Thermistor-type sensors are considered passive sensors. A passive sensor is connected to a voltage divider network so varying the resistance of the passive sensor causes a variation in total current flow. Voltage that is dropped across a fixed resistor (pull-up resistor) in series with the sensor resistor determines the voltage signal at the PCM. This voltage signal is equal to the reference voltage minus the voltage drop across the fixed resistor.

The CHT sensor is installed in the cylinder head and measures the metal temperature. The CHT sensor provides complete engine temperature information and is used to infer coolant temperature. If the CHT sensor conveys an overheating condition to the PCM, the PCM initiates a fail-safe cooling strategy based on information from the CHT sensor. A cooling system concern, such as low coolant or coolant loss, could cause an overheating condition. As a result, damage to major engine components could occur. Using both the CHT sensor and fail-safe cooling strategy, the PCM prevents damage by allowing air cooling of the engine and limp home capability. For additional information, refer to Powertrain Control Software for Fail-Safe Cooling Strategy in this section.

Note: If the CHT sensor is removed from the cylinder head for any reason it must be replaced with a new sensor.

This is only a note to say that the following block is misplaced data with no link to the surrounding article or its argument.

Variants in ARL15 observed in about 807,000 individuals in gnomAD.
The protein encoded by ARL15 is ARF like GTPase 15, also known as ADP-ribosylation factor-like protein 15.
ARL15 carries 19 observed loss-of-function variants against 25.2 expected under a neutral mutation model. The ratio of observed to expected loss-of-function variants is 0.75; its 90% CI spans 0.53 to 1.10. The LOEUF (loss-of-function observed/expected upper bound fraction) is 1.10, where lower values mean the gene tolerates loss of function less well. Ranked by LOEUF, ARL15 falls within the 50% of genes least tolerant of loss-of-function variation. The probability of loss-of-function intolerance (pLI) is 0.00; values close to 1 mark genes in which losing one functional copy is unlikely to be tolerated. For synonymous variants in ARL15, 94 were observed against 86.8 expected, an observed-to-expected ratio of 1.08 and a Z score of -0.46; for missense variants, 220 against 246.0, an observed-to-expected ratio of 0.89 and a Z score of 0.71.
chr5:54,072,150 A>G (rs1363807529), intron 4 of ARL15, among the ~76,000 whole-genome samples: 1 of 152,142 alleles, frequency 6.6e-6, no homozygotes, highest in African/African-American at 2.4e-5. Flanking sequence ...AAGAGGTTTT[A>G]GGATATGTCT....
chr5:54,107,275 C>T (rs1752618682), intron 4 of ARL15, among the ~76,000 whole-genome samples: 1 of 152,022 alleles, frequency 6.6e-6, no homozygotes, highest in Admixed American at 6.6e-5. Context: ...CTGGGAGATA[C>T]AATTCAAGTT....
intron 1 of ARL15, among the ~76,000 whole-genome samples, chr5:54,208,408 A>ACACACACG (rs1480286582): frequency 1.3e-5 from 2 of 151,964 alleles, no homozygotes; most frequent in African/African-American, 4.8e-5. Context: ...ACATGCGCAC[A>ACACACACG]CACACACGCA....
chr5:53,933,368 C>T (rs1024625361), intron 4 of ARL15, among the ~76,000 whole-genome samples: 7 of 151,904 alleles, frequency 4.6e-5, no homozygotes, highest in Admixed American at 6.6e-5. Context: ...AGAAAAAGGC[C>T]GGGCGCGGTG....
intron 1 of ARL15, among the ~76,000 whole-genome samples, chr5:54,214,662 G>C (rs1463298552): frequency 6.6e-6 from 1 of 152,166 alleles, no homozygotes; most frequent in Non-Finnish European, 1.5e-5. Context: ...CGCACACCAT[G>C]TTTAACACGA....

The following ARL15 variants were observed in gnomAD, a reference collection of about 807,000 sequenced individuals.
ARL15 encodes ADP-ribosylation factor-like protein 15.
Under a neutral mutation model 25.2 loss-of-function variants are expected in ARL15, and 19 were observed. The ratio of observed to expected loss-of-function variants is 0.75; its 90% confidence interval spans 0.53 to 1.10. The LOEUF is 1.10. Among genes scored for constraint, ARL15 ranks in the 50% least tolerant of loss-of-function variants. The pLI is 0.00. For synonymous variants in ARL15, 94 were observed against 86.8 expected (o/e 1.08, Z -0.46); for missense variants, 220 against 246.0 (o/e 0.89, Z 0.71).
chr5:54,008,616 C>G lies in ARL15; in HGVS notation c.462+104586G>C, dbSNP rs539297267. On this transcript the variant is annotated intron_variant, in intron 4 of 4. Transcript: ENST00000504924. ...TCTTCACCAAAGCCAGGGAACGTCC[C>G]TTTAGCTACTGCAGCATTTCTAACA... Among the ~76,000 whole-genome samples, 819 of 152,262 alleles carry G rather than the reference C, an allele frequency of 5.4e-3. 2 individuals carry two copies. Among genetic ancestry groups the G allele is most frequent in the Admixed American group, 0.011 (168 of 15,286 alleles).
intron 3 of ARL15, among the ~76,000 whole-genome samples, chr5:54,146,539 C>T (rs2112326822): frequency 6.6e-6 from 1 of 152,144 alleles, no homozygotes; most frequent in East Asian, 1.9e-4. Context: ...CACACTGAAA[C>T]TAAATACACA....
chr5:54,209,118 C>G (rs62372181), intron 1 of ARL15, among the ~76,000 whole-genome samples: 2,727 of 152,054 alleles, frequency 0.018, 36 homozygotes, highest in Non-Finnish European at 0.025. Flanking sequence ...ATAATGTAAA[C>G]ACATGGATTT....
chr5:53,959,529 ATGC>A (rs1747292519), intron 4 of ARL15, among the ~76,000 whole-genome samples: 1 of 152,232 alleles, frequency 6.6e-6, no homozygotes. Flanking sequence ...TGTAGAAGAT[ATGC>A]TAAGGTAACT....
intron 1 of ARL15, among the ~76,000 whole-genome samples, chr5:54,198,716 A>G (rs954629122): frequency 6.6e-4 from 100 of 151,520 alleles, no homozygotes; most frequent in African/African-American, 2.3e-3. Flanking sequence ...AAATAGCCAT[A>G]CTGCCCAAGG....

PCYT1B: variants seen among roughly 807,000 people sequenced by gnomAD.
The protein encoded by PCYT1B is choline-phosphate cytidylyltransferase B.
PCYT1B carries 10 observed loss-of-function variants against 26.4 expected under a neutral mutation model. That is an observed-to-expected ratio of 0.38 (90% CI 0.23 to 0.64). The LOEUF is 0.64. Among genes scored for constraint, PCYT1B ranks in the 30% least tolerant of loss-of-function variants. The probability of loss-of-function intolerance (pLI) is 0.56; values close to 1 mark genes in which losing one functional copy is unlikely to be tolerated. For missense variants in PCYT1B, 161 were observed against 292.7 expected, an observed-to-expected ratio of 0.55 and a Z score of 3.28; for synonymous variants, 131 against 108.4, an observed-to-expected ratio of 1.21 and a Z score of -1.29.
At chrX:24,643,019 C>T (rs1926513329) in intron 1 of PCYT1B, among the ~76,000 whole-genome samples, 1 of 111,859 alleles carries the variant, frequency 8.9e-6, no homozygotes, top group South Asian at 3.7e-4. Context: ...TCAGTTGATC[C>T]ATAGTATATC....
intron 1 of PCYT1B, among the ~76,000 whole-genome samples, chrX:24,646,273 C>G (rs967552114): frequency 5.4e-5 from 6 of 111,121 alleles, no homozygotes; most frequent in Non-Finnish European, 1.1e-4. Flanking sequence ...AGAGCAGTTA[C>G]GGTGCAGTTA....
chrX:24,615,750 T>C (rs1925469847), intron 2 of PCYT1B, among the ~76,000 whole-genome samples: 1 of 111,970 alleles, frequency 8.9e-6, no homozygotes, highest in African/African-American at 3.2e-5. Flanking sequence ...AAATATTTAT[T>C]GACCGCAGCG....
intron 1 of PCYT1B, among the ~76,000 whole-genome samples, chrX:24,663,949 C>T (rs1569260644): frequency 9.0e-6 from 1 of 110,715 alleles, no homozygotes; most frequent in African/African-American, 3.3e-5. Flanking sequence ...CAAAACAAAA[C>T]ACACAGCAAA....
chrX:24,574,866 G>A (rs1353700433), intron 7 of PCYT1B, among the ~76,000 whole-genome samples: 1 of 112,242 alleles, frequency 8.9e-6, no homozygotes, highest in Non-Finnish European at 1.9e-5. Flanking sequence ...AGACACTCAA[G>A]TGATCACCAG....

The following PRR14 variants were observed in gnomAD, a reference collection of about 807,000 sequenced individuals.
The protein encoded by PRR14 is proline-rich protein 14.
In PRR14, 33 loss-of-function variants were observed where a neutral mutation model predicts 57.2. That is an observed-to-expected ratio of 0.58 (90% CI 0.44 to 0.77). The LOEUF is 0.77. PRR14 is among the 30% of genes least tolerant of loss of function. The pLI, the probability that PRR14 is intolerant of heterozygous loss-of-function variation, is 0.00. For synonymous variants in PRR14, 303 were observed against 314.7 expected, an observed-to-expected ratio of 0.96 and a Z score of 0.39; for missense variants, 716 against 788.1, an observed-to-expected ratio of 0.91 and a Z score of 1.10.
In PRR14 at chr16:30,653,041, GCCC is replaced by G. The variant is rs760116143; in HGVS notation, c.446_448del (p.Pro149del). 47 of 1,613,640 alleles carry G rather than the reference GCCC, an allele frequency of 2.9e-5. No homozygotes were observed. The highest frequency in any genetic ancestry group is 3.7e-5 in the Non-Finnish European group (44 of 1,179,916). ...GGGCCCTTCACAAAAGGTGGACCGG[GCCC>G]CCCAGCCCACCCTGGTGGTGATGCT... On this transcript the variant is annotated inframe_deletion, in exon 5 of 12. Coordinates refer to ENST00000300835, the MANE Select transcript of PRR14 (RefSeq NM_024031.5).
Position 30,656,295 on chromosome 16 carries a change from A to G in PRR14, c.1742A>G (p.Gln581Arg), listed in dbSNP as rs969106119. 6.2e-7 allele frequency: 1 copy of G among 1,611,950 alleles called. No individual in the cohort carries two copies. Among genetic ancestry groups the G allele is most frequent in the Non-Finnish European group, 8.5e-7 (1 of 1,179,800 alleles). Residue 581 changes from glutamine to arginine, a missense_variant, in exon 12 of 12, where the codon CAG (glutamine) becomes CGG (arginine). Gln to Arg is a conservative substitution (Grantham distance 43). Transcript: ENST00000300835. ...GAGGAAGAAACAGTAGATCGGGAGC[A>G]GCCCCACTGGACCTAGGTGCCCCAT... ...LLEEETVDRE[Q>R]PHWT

Some codes you might see;

DTC Description
P1285 Cylinder Head Overtemperature Condition
P1299 Cylinder Head Overtemperature Protection Active

How does it all work? This is for the 4.6L and the 5.4L I couldn't locate this in the new manual........but it should be the same, or close to it.

The CHT sends the PCM a signal indicating cylinder head temperature.

- If the temperature exceeds 121°C (250°F) (4.6L [3V] only)/176°C (348°F) (5.4L [4V] only), The PMC will disable half of the fuel injectors. The PCM will alternate which fuel injectors are disabled every 32 engine cycles. The cylinders not getting fuel injected act as air pumps to aid in engine cooling.

- If the temperature exceeds 166 degrees C (330 degrees F) (4.6L [3V] only)/260 degrees C
(500 degrees F) (5.4L [4V] only), the PCM disables all of the fuel injectors until temperature drops below approximately 154 degrees C (310 degrees F) (4.6L [3V] only)/164 degrees C (328 degrees F) (5.4L[4V] only).

- The coolant temperature gauge pointer will read fully hot.

More info…………………

Safe Cooling Strategy